The UK Government has finally given the official green light to the much-discussed Stonehenge Tunnel and has released this video to show what the site will look like.
The tunnel will help to tackle congestion on the A303 (which connects the Southeast and Southwest of England) as well as relieving the World Heritage Site of the blight of heavy traffic.
The proposals were initially granted consent in 2020, but following a legal challenge and a High Court ruling against the decision-making process, the application has undergone a thorough redetermination process of more than 12 months before the announcement.
“The A303 Stonehenge scheme is part of the biggest investment in our road network for a generation, and I’m really pleased the project has been given the green light by the Secretary of State for Transport – a decision which will enable us to progress this transformational scheme and deliver the planned benefits,” says National Highways chief executive Nick Harris. “The decision follows a lot of work on a comprehensive year-long process to reassess our Development Consent Order, looking in detail at possible alternatives, also including cumulative carbon and heritage issues.
“It means we’re now a step closer to solving the longstanding issues of congestion and delays on the existing A303, improving journeys for all our customers and bringing much-need relief to local communities.
“The investment, along with other improvements along the A303, will help to boost the Southwest economy, improve journey reliability, remove the sight and sound of traffic from this very busy road and return one of our most important World Heritage Sites to something like its original setting.”
Details of the scheme
The A303 Stonehenge upgrade includes:
• Eight miles of free-flowing, high-quality dual carriageway between Amesbury and Berwick Down
• A tunnel at least two miles long underneath the World Heritage Site, closely following the existing A303 route, but a further 50 metres away from the Stonehenge monument, avoiding important archaeological sites, and avoiding intrusion on the view of the setting sun from the stones during the winter solstice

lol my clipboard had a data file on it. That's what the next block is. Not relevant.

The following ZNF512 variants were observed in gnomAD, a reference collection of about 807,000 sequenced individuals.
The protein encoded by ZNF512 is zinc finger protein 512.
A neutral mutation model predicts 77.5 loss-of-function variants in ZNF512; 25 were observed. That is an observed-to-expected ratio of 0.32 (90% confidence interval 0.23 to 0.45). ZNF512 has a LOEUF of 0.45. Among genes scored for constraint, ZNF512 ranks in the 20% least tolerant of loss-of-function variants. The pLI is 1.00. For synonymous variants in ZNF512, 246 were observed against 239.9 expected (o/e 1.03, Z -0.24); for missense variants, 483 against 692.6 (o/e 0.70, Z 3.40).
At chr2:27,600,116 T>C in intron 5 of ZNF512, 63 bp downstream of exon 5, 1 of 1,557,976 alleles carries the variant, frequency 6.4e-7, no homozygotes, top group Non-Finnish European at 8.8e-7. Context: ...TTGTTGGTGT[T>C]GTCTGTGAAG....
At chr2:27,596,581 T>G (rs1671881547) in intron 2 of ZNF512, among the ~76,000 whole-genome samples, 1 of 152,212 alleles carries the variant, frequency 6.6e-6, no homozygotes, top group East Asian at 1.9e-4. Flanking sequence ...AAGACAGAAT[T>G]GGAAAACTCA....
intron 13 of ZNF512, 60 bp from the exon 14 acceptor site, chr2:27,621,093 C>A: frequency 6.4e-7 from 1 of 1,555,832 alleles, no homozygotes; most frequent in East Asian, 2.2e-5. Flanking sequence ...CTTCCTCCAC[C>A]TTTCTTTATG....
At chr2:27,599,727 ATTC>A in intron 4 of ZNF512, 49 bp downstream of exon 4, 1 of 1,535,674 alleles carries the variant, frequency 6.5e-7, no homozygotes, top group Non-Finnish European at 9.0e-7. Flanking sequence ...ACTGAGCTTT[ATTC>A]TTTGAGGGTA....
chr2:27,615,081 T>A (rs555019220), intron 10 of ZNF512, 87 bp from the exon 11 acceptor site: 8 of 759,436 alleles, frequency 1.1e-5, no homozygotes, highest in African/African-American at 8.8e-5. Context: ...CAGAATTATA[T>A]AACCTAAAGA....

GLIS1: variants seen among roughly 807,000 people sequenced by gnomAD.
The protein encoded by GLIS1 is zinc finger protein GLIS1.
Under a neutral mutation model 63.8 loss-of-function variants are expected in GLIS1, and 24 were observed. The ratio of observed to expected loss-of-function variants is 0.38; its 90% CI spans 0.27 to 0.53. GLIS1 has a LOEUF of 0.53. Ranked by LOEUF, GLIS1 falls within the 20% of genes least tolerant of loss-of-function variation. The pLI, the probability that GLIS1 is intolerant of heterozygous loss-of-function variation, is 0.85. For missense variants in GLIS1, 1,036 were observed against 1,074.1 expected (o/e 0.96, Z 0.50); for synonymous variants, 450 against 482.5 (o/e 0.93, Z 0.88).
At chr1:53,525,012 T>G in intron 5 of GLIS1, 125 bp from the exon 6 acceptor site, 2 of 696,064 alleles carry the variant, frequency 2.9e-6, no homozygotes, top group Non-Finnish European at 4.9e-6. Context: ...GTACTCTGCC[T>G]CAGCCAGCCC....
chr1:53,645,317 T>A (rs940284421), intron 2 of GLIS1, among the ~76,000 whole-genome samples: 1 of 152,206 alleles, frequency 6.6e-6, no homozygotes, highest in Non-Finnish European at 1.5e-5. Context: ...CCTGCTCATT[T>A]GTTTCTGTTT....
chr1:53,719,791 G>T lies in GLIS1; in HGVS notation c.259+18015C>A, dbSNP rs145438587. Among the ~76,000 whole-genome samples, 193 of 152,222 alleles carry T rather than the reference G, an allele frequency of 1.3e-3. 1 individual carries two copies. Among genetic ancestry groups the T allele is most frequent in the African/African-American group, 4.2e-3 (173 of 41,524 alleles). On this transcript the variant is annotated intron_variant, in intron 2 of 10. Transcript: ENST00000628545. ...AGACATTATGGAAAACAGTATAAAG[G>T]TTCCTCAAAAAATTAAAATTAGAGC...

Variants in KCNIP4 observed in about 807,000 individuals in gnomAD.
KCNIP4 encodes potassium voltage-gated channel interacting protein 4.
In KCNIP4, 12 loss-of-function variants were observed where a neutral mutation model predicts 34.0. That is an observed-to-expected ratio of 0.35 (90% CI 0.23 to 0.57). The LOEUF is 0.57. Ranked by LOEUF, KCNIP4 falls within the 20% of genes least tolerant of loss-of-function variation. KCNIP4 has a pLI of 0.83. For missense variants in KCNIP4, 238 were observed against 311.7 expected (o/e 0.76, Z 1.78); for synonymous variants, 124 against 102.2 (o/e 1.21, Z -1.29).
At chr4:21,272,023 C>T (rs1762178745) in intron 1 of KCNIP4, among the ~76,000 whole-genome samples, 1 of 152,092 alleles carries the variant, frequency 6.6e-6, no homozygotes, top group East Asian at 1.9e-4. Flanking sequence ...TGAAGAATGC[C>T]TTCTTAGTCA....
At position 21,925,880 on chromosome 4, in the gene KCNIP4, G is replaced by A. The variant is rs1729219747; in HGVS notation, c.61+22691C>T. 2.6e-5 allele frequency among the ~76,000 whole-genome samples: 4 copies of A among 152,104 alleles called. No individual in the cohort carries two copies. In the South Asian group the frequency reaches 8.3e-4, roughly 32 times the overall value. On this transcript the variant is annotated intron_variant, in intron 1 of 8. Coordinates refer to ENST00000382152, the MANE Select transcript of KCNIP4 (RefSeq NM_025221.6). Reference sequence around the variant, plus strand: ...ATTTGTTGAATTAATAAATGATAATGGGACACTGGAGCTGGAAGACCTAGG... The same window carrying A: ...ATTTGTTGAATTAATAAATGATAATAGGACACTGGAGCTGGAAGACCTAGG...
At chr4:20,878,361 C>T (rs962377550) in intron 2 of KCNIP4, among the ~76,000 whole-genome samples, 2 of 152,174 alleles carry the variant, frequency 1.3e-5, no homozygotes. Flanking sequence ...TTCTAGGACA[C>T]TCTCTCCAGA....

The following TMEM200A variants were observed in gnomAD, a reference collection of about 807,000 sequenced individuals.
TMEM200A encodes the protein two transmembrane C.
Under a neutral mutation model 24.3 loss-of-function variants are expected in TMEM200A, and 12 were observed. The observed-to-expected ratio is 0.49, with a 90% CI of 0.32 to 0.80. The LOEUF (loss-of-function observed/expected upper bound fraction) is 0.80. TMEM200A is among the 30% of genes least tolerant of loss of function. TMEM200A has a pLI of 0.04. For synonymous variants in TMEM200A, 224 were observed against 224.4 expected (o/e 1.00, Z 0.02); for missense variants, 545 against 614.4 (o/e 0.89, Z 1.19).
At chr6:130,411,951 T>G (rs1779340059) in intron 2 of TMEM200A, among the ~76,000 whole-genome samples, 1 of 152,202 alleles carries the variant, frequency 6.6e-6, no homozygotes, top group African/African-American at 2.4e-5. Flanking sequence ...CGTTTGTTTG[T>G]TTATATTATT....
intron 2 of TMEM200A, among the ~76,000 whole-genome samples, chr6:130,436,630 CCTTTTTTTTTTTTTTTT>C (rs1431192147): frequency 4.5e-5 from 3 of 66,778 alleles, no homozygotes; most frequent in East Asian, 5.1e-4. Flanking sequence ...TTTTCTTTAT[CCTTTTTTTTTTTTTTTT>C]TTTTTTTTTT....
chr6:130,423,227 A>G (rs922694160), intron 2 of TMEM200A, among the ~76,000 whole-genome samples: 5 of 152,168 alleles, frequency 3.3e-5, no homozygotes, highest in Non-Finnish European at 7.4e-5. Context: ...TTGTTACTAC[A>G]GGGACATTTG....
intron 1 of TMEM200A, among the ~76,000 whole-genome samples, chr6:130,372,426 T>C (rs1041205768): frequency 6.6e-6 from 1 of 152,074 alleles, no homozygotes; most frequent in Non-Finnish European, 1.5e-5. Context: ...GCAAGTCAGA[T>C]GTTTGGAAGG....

• A new bypass to the north of the village of Winterbourne Stoke
• Junctions with the A345 and A360 either side of the World Heritage Site
“It is a scheme objective to conserve and enhance the World Heritage Site and this is being achieved through close collaborative working with heritage groups, including English Heritage, National Trust, Historic England and the independent A303 Scientific Committee,” says Derek Parody, project director for the A303 Stonehenge scheme. “The scheme will not only sustain the Outstanding Universal Value of the Stonehenge landscape, it will also have a beneficial effect, and extensive archaeological studies and assessments have been undertaken to provide evidence of the benefits that the scheme will deliver for the World Heritage Site.
“The decision represents a major milestone, not only for us as the project team but for all those who have supported this project over a number of years; our stakeholders, the heritage bodies, local and regional businesses and indeed local communities.
“We’re currently analysing the detailed changes within the Development Consent Order and assessing timescales but we anticipate being able to start preparatory work in 2024.”
What happens next?
There is now a six-week period in which parties can lodge an intention to legally challenge the decision, and in the meantime, National Highway will be renewing its plans to prepare for the scheme.
Last year the company awarded the Main Works contract to the MORE joint venture, comprising FCC Construcción, WeBuild and BeMo Tunnelling, to deliver the £1.25 billion tunnel and main construction work.
Costain and Mott MacDonald will be operating as the company’s Delivery Assurance Partner, providing technical and construction management expertise by helping mobilise the main works contractor, oversee construction, assist the discharge of consent requirements and assure the design.
The construction phase is scheduled to take five years to complete and ahead of the main work, Wessex Archaeology will carry out archaeological mitigation work, while Octavius (formerly Osborne Ltd) will undertake preliminary work, including the reconfiguration of local authority roads.
Archaeological fieldwork and preliminary work will start first, with the main five-year construction phase to follow that programme.
Rachael Webb, Wiltshire team leader for Natural England, adds: “We’ve worked with National Highways to get some really great outcomes for wildlife from the A303 Stonehenge scheme. The verges and embankments will make for a flower-rich, six-mile long, butterfly highway and large areas of species-rich chalk grassland will be created.”